For some 150 volunteers Sunday morning, including Flagler Beach and Palm Coast firefighters, city and county commissioners, residents and non-residents, church was the more than one-mile stretch of beach they all counter-attacked like a tsunami in reverse: what Hurricane Matthew had shredded and marred they methodically cleaned up, picked up and stacked up, plank by plank, block by block, starting in the area of the boardwalk by the pier and moving north faster than Mayor Linda Provencher had imagined possible.
“I never dreamed that this much stuff would be off the beach” that quickly, Provencher said, the bulk of the job having been accomplished in an hour.
Beach worshippers had been unleashed, moving mountains of debris. Not one hour into the clean-up, which had started at 7:45 this morning, the east side of Ocean Shore Boulevard from the area of the pier north to around 10th Street was lined with mound after mound of planks, debris, garbage, limbs of pier and the undefinable mangle of storm trash Hurricane Matthew had left on the beaches, after mowing down dunes, walkways and parts of the road and reshaping the contours of the shore from smooth inclines to jagged cliffs and cuts.
The beaches have been closed since the hurricane passed through, because they’ve been made unsafe by the debris–broken glass, nails sticking out of planks, rusty metal bits, and so on–and the absence of beach access, now that so many walkovers have been destroyed. The plan is to have at least the beach in the area of the boardwalk opened up soon, with as quick a repair to as many walk-overs as possible in the near future to progressively reopen further portions. It’s essential for the city’s economy and its sense of normalcy, even though big portions of A1A, which collapsed, will remain closed, forcing businesses along that stretch at the south end of town to try to survive by attracting customers through Central Avenue.
“There’s a few that are just missing a few steps. Once we can get those secure, then at least people will be able to get on to the beach,” Provencher said. The water-quality test came back fine on Saturday. “So maybe by mid-week we can get part of the beach opened anyway.”
“Only a few walkovers need repairs along that stretch and should be repaired rather quickly,” Rick Belhumeur, a Flagler Beach city commissioner, said.
The Flagler Beach clean-up was one of two Sunday morning, the second taking place almost simultaneously along the paths of Graham Swamp in Palm Coast, between Colbert Lane and Old Kings Road, David Halliday, the always-imaginative coach of Flagler Palm Coast High School’s track and field team, and a sucker for good causes, put out a call among his students and others to come out and clear the paths of the jumble. It’s among the paths the students run in practice. They were joined by Palm Coast Mayor-Elect Milissa Holland and Assistant Coach Alex Giorgianni, turning parts of the trail from jungle to pathways again.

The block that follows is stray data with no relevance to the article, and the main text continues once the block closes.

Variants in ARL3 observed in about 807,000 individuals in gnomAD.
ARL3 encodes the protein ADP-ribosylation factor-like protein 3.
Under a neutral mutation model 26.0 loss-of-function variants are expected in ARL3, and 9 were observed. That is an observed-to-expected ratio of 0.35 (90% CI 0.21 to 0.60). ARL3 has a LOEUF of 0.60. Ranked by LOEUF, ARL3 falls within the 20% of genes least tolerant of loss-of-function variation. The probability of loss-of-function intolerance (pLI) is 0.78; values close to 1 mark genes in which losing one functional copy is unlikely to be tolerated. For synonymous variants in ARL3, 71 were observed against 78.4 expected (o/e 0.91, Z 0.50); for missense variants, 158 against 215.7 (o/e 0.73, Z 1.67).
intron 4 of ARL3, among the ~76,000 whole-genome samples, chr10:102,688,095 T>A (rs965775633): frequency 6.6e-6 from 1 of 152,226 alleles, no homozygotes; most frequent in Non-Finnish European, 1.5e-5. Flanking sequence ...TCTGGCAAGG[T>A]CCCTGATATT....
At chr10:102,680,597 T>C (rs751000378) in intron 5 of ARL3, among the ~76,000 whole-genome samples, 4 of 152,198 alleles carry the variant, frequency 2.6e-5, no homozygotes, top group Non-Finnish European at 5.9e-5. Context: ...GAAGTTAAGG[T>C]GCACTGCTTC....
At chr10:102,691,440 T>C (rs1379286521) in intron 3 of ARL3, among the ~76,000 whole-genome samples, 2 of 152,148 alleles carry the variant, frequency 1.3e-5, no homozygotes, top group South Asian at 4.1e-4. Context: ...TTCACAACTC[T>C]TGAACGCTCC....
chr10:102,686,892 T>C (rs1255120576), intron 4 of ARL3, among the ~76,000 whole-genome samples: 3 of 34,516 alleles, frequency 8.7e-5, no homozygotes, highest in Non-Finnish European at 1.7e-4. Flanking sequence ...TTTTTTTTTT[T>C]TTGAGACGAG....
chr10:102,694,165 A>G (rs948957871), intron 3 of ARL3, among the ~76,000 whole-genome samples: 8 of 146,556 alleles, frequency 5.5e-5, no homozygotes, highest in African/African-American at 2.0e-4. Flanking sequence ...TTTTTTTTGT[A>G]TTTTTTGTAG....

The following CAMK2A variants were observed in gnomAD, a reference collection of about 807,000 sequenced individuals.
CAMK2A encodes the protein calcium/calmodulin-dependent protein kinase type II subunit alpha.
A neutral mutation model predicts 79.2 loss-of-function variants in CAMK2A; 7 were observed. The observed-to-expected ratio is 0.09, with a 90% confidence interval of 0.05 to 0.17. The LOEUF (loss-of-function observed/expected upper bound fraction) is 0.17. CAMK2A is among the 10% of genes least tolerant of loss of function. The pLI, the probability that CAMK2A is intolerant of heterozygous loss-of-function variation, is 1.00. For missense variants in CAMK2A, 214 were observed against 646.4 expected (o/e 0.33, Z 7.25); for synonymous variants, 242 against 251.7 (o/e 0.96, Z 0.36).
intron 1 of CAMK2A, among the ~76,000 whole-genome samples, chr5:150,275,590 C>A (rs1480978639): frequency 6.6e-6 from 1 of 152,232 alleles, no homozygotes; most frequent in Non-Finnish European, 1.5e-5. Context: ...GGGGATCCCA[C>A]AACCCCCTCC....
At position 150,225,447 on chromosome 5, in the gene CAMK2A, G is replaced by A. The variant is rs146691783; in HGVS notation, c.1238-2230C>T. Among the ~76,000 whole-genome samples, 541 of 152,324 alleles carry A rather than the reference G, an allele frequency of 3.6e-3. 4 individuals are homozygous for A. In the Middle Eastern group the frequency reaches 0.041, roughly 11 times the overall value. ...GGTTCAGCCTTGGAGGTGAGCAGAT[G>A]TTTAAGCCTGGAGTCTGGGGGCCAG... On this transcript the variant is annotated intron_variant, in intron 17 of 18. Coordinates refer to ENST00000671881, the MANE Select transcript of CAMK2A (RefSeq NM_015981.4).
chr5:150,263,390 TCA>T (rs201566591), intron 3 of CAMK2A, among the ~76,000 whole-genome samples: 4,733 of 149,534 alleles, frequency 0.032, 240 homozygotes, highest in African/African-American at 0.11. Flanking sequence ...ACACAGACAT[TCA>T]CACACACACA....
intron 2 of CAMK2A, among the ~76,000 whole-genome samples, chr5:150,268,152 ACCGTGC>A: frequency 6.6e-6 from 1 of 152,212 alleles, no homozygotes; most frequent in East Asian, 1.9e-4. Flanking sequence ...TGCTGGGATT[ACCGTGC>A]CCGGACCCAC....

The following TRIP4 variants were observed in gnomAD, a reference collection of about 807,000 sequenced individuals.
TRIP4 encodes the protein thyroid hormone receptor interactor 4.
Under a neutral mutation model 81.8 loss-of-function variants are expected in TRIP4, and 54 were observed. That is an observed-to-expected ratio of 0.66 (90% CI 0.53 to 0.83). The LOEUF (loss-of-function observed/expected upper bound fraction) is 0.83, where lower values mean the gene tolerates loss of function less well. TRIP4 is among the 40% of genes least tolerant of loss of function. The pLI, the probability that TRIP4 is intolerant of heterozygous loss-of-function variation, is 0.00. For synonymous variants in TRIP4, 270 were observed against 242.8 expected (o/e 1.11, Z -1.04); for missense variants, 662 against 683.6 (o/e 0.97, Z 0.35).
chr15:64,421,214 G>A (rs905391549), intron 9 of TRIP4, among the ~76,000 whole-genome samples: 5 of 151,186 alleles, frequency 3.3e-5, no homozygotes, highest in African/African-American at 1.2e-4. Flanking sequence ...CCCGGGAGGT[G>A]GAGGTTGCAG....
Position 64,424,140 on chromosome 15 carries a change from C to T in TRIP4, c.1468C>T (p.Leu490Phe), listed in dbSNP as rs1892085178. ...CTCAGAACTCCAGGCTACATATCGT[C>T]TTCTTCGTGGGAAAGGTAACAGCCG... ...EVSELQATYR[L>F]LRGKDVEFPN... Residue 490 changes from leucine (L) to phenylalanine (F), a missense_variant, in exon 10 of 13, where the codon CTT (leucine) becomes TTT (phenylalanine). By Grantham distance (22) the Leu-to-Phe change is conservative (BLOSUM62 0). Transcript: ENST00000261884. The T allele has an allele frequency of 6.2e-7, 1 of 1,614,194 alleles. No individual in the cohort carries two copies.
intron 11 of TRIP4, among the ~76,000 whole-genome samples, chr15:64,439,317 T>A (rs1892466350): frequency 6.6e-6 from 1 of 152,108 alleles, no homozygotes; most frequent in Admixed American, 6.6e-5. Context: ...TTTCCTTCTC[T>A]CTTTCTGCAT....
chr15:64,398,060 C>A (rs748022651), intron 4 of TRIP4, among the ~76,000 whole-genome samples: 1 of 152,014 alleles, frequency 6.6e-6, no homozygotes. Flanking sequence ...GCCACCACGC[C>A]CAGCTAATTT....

“We run here all the time so we just thought it’d be a good thing to come over here and help clean-up,” Micah Slicer, an FPC senior, said moments before joining the effort. He was with freshman Joey Orndorff. “It’s pretty messed up back there.”
“I totally should have brought a machete,” said Aquila Gonzalez, speaking words you don’t too often hear a 10th grader say.
“I have watched this community come together in times of crisis for years. This day, seeing all of these students out here, working so hard, will be a day I never forget,” Holland said. “We are Flaglerstrong!”
In Flagler Beach City Manager Larry Newsom called Mayor Provencher at 7:30 Saturday morning and suggested putting together a volunteer effort to clean-up the beaches. She immediately put out the call, teaming up with Mary Louks, president of a residents’ association in town. Once a month, the Flagler All-Stars, run by Provencher, conducts a clean-up along the beach anyway. “Usually we just have a handful, we could have 6 or we could have 20, but this is a special deal,” Sheryl Hall, who lives just off the beach with her husband Jeff, said, a big black half-filled bag of trash in her hand as Jeff filled it. “Because this is basically the county beach.”
“It is unbelievable, look at this,” Flagler Beach City Commissioner Joy McGrew, herself in the thick of clean-up duty a few steps down the road, said, pointing to workers on the beach and on surviving walkovers. “This is a true community pulling together to take care of itself with the help of all its residents and visitors. It’s a beautiful thing.”
Nearer the pier, all in work mode, Provencher had happened by Marshall Shupe, the city commissioner, Barbara Revels, who chairs the county commission, and Sharon Atack, the former county judge, along with Pauline and Thom Gray. By then they’d completed the majority of the work.
“We’ll be doing several beach clean-ups picking up the cigarette butt and the bottles and all that, this was just picking up the heavy debris. But the most amazing thing is now we have people picking up the litter because we got so much done so quickly,” Provencher said. She estimated the number of volunteers, who were being signed up, at upwards of 150, with more signing up even late into the morning.
And why was Revels there? “Because my mayor called me,” she said. “I would have been very upset if I hadn’t known about it, since I don’t do social media, like I should.”
A wealthy resident at noon treated all volunteers to lunches at the Golden Lion and Tortugas restaurants.